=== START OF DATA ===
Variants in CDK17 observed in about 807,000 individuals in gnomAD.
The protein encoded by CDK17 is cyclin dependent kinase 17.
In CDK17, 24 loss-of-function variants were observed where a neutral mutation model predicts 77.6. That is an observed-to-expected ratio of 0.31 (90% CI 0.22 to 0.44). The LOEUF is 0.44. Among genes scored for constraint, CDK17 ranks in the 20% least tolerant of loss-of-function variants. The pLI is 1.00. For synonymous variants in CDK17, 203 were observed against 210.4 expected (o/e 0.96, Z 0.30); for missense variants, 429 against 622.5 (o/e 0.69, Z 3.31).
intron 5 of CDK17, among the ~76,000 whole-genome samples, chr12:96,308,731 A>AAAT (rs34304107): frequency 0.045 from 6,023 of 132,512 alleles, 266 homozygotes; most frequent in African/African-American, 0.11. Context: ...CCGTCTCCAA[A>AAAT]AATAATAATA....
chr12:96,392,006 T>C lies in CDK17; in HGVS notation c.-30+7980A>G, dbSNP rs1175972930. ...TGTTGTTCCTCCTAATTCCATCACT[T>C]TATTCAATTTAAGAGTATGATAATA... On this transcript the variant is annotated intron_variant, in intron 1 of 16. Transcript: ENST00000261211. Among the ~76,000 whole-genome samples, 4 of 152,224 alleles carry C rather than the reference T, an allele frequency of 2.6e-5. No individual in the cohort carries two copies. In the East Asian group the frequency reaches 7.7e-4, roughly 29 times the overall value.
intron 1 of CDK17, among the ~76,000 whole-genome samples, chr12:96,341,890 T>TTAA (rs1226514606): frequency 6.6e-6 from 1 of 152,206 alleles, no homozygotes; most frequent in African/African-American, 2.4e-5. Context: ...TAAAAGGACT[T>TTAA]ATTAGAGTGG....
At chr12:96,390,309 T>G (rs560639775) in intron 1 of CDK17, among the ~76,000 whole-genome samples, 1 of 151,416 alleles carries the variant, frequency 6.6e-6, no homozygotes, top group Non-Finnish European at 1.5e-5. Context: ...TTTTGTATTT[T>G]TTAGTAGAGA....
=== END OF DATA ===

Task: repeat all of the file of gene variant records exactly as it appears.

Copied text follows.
Variants in CDK17 observed in about 807,000 individuals in gnomAD.
The protein encoded by CDK17 is cyclin dependent kinase 17.
In CDK17, 24 loss-of-function variants were observed where a neutral mutation model predicts 77.6. That is an observed-to-expected ratio of 0.31 (90% CI 0.22 to 0.44). The LOEUF is 0.44. Among genes scored for constraint, CDK17 ranks in the 20% least tolerant of loss-of-function variants. The pLI is 1.00. For synonymous variants in CDK17, 203 were observed against 210.4 expected (o/e 0.96, Z 0.30); for missense variants, 429 against 622.5 (o/e 0.69, Z 3.31).
intron 5 of CDK17, among the ~76,000 whole-genome samples, chr12:96,308,731 A>AAAT (rs34304107): frequency 0.045 from 6,023 of 132,512 alleles, 266 homozygotes; most frequent in African/African-American, 0.11. Context: ...CCGTCTCCAA[A>AAAT]AATAATAATA....
chr12:96,392,006 T>C lies in CDK17; in HGVS notation c.-30+7980A>G, dbSNP rs1175972930. ...TGTTGTTCCTCCTAATTCCATCACT[T>C]TATTCAATTTAAGAGTATGATAATA... On this transcript the variant is annotated intron_variant, in intron 1 of 16. Transcript: ENST00000261211. Among the ~76,000 whole-genome samples, 4 of 152,224 alleles carry C rather than the reference T, an allele frequency of 2.6e-5. No individual in the cohort carries two copies. In the East Asian group the frequency reaches 7.7e-4, roughly 29 times the overall value.
intron 1 of CDK17, among the ~76,000 whole-genome samples, chr12:96,341,890 T>TTAA (rs1226514606): frequency 6.6e-6 from 1 of 152,206 alleles, no homozygotes; most frequent in African/African-American, 2.4e-5. Context: ...TAAAAGGACT[T>TTAA]ATTAGAGTGG....
At chr12:96,390,309 T>G (rs560639775) in intron 1 of CDK17, among the ~76,000 whole-genome samples, 1 of 151,416 alleles carries the variant, frequency 6.6e-6, no homozygotes, top group Non-Finnish European at 1.5e-5. Context: ...TTTTGTATTT[T>G]TTAGTAGAGA....